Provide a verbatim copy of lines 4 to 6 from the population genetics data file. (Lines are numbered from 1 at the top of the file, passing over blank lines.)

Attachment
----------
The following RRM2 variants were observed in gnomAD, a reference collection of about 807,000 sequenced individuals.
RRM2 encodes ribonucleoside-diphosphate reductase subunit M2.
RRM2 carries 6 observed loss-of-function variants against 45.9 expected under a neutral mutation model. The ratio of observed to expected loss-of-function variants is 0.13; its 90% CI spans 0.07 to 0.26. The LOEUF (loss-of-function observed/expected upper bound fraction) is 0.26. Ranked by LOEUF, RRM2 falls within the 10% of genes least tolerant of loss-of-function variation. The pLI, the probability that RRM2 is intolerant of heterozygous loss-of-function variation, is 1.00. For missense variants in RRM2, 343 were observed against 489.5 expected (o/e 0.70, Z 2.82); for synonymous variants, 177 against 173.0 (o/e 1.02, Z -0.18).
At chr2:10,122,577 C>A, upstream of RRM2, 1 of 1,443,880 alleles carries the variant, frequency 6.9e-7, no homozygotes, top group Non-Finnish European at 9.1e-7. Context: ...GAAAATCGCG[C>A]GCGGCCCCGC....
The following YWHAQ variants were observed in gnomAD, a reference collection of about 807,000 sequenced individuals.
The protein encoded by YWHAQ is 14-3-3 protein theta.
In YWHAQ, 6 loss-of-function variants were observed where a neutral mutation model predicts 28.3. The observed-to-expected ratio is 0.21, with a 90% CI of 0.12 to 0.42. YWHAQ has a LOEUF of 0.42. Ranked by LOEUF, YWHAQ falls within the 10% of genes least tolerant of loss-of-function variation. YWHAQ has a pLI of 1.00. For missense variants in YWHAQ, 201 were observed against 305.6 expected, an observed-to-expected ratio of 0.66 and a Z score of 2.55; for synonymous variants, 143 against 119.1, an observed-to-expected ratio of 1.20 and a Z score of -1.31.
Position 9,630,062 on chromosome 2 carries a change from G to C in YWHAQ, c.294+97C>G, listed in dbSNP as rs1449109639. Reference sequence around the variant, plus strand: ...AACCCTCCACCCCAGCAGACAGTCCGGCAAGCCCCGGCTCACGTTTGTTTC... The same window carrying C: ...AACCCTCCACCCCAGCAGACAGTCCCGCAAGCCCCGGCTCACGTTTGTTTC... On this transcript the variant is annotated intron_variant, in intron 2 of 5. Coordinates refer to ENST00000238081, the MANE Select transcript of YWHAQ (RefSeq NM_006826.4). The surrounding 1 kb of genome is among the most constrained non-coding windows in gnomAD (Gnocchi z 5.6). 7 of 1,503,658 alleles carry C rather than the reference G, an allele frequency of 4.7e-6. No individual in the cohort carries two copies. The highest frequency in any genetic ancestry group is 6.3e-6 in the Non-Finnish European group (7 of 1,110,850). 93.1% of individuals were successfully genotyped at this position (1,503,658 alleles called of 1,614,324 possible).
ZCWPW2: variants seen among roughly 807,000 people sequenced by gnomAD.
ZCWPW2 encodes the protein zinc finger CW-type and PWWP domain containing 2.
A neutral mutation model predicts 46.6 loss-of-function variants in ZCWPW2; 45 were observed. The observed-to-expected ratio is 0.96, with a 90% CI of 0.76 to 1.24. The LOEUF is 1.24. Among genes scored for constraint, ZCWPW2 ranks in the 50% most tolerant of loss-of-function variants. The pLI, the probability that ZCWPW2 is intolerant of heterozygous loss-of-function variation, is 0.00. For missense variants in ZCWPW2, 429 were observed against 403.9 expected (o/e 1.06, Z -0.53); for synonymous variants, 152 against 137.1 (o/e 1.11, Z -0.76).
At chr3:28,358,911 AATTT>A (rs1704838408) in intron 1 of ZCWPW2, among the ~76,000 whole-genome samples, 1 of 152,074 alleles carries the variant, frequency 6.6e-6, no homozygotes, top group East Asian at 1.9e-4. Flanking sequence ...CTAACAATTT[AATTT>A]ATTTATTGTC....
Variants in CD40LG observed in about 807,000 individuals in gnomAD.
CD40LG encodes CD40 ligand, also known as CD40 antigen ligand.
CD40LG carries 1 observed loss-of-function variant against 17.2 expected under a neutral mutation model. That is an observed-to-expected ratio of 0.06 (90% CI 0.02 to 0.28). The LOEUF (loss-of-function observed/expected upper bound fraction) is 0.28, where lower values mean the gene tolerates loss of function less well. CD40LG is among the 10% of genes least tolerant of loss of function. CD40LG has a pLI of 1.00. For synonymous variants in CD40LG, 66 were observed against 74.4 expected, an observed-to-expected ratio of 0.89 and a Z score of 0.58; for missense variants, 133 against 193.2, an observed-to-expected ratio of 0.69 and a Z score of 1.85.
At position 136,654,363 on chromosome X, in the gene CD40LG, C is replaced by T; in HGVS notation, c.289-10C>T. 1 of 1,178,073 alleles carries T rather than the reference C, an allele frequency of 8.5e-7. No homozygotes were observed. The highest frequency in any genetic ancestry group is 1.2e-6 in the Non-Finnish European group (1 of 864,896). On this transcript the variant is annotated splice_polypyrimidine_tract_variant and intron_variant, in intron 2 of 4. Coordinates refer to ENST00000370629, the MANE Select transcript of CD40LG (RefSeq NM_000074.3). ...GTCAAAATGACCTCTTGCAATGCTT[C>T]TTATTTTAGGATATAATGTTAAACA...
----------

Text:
At chr2:10,122,577 C>A, upstream of RRM2, 1 of 1,443,880 alleles carries the variant, frequency 6.9e-7, no homozygotes, top group Non-Finnish European at 9.1e-7. Context: ...GAAAATCGCG[C>A]GCGGCCCCGC....
The following YWHAQ variants were observed in gnomAD, a reference collection of about 807,000 sequenced individuals.
The protein encoded by YWHAQ is 14-3-3 protein theta.